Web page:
Jamaica failing to grab US millions afloat in cage fishing
Jamaica seems likely to miss out on millions of dollars which could be earned from the increasingly popular cage fishing, which utilises existing bodies of water to raise fishes in a cage or basket that allows the water to pass freely through.
In countries such as India, Uganda and Vietnam, cage fishing has been used successfully for years.
Elsewhere in the region and the world, aquaculture production has continued to show strong growth, increasing at an average annual growth rate of 6.1 per cent from 36.8 million tonnes in 2002 to 66.6 million tonnes in 2012, when the global value of farmed food fish production was estimated at US$137.7 billion.
However, there is no plan in Jamaica to swim in the big bucks flowing from the sub-sector.
"We don't have a programme yet to say this is how we are going to do this thing," AndrÈ Kong, director of the Fisheries Division in the Ministry of Agriculture and Fisheries, recently admitted to The Sunday Gleaner.
This is even though the University of the West Indies, Mona Campus, in Jamaica and at least one private sector entity have experimented with this option and most local experts agree that with the right infrastructure
and safeguards in place, cage fishing on a commercial level makes good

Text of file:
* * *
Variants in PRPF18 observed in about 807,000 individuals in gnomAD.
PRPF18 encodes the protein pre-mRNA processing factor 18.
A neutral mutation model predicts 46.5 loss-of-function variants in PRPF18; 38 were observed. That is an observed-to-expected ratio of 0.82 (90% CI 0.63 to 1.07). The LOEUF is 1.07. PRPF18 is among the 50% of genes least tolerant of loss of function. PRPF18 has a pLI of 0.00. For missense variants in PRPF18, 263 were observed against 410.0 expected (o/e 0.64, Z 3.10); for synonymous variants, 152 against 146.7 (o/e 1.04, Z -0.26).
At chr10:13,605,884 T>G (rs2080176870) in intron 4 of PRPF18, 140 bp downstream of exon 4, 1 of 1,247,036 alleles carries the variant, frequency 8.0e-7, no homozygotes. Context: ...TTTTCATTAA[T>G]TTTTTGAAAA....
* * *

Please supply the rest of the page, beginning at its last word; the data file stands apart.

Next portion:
With Jamaica's marine resources having been depleted over the years due mainly to overfishing, cage aquaculture is a practical option, according to Kong, but it is not likely to happen any time soon.
"We will look at it again because as part of our development programme going forward, we are looking at diversification and looking at all means whereby we can improve productivity, improve food security and nutritional security, provide employment and earn foreign exchange.
"But we still are a little way from a successful cage fish farming venture. We are still a little bit away from it but it has a lot of potential and we have to go there ... . It is something that I think has potential but we still have some more work to do. We need to go back to the drawing board."
In the meantime, Luther Buchanan state minister for agriculture, disclosed that while cage aquaculture makes sense, the Government is looking to the private sector to lead the investment process.
Buchanan told The Sunday Gleaner: "We are mindful that it is more and more being explored and used in other places and in the 21st Century to feed our people, we have to move with the trends that dictate sustainable food for our people and at the same time we have to be cognisant of the importance of the growth in the sector.
This is another way of fishing that we could be looking at but, by and large, you are mindful that it is private sector driven. I mean Government provides supporting aspects of these projects but, by and large, it would be large fisher folks who say, 'Hey, we are going into exportation of live lobster, we going into this kind of fishing', so it is private sector driven and the technical expertise would be more or less from the ministry," added Buchanan.
One private sector company leading the charge in this direction is B & D Trawling, one of the country's foremost seafood exporters, whose principal Ricky Francis believes Jamaica's investment in cage aquaculture is long overdue.